Now, it is unlikely that things will get this bad in the Parliamentary ballot; however, there are clear signs here of a struggling party. The implosion of the party in 2006 came as a complete shock (one council candidate that I was in touch with was forecasting a Lib Dem victory right up until the results were declared), and the party has not been helped by the loss of Chris Maines - even taking into account such issues as his homosexuality, it is likely his presence helped the party, and with him now gone to Lewisham, Horam could pull away from a generic Liberal Democrat.
And, of course, there is the problem that Orpington as a whole for all its Liberal past is a very, very conservative area. Bromley is known for its conservative streak for a very good reason, and Orpington is perhaps worst of all for this, with a mixture of very conservative suburban and nearly rural areas, and the more working class areas (particularly the Cray Valley) containing a very populistic populace (as evidence by the notably high votes for the British National Party in the area). There is no great love for liberalism around here, both among the local party (remember, this was the borough that attempted to derail civil unions in the capital) and among the people; this is a Daily Mail heartland, not even having the benefit of the community solidarity and multiethnic population to be seen to the north in Lewisham. This was prime Boris Johnson territory, too, and both his influence and that of the libertarian local AM will bring moderates into the Conservative fold.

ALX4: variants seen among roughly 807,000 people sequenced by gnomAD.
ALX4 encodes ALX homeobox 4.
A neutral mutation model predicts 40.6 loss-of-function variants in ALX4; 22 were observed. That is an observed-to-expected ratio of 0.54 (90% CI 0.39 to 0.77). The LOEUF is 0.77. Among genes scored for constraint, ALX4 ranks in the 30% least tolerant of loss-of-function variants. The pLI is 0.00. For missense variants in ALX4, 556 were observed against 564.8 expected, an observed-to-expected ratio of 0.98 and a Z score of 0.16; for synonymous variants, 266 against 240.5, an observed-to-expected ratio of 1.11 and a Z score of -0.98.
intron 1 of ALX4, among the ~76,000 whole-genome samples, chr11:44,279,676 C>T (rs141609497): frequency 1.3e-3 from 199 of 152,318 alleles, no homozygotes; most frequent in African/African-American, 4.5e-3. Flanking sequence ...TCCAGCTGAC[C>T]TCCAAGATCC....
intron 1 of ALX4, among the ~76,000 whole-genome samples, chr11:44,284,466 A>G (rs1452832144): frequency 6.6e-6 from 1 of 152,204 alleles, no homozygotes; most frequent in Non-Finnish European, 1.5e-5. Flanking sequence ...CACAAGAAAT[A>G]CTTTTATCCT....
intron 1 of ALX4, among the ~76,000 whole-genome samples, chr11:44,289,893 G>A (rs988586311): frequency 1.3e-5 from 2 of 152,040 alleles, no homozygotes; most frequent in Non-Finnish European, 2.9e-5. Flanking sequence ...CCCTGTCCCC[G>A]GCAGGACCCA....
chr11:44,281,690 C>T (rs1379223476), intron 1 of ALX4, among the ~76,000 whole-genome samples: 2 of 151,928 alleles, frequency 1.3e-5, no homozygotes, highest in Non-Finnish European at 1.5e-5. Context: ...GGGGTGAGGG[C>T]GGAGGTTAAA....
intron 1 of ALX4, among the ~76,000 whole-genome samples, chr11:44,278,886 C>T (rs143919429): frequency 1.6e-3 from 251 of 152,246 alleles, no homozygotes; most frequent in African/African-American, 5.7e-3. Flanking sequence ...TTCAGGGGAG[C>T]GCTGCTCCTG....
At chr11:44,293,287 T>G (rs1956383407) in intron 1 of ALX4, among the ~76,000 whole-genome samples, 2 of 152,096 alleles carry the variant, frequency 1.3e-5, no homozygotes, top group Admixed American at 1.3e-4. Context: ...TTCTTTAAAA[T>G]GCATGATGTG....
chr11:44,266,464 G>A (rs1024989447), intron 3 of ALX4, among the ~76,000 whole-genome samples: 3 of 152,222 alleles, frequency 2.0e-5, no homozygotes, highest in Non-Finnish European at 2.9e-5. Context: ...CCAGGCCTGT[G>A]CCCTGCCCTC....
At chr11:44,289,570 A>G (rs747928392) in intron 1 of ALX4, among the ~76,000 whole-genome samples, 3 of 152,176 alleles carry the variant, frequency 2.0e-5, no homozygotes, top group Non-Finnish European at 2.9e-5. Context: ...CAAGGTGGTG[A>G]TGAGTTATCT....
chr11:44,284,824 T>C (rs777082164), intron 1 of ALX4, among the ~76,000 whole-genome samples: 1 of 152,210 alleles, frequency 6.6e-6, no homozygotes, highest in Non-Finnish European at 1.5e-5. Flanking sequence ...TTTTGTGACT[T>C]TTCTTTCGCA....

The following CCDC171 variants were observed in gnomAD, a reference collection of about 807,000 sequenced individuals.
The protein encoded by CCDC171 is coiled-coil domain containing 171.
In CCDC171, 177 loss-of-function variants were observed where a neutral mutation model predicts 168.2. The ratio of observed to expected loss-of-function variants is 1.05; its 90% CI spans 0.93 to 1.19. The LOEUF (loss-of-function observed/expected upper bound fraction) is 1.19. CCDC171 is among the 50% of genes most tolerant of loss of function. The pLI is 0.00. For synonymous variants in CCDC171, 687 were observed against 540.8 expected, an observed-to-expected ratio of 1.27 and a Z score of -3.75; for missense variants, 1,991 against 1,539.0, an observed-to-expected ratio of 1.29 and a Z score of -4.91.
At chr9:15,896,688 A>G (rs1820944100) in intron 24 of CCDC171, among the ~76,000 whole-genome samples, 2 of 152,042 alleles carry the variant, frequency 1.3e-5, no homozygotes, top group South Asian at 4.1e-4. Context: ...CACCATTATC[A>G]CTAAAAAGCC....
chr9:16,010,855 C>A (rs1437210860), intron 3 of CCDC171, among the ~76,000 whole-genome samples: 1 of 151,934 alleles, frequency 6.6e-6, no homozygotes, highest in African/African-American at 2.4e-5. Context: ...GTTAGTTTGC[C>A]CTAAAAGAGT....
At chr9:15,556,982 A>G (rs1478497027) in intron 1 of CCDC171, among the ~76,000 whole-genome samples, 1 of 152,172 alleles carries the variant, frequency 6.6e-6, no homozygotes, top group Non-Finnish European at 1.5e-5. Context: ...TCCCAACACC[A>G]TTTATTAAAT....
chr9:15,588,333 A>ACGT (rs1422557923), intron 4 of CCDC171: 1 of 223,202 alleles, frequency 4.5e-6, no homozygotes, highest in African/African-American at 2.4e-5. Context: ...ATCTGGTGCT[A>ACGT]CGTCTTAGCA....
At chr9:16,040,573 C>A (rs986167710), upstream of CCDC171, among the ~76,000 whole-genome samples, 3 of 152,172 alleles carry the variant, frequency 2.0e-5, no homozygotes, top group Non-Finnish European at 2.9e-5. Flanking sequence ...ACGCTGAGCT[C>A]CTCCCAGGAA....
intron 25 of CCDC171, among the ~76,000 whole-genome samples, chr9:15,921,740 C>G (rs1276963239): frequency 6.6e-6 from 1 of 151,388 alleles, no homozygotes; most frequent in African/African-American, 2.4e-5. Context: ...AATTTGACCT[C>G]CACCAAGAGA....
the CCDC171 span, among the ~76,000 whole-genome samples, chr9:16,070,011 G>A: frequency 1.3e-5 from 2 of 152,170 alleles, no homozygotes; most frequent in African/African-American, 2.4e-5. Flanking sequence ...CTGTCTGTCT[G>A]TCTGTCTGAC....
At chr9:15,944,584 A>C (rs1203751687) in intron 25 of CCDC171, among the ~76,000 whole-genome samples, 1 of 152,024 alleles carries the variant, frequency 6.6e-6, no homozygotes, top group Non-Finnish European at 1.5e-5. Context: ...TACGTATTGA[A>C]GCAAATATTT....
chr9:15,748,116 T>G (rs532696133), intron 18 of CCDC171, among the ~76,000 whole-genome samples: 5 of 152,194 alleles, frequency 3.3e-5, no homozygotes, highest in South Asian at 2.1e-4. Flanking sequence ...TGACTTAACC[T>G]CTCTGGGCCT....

It is hard to see how the result can be anything but Conservative here. With a massively increased national vote, Horam's majority will go into the five-digit region no matter what he does, and I can see a Conservative majority of around 15,000 votes here as supremely possible. It's unlikely to go to the supremely unknown Liberal Democrat candidate (who is unlikely to be able to bring along the Cray Valley constituents with him), and Labour never have a hope. The only things that could make Orpington slightly competitive would be for all of these to happen:
1) A strong candidate to appear instead of McBride who can appeal to Orpington proper. This would probably have to be Maines if anyone.
2) A faux pas by Horam getting into the public light and thus causing him some electoral difficulty.
3) Major, major mistakes by Boris and Cleverly.
4) No national victory for the Conservatives.
5) Radical changes within the Liberal Democrats locally - the party needs a hell of a lot of work, even down to things such as their campaigning strategy.
6) A BNP candidate standing, which could take votes away that the Conservatives might otherwise take.
Of all these, 6) is the only one that may come to fruition, and even then it's unlikely - the BNP in this general region tend to focus their resources north of the river.
P.S. I should note, for clarity, that I am a political independent myself, but heavily left-leaning. I supported Maines in 2005, and will likely be supporting no candidate in Orpington this time, assuming that there will be no Green candidacy (and in this area, it seems hardly likely).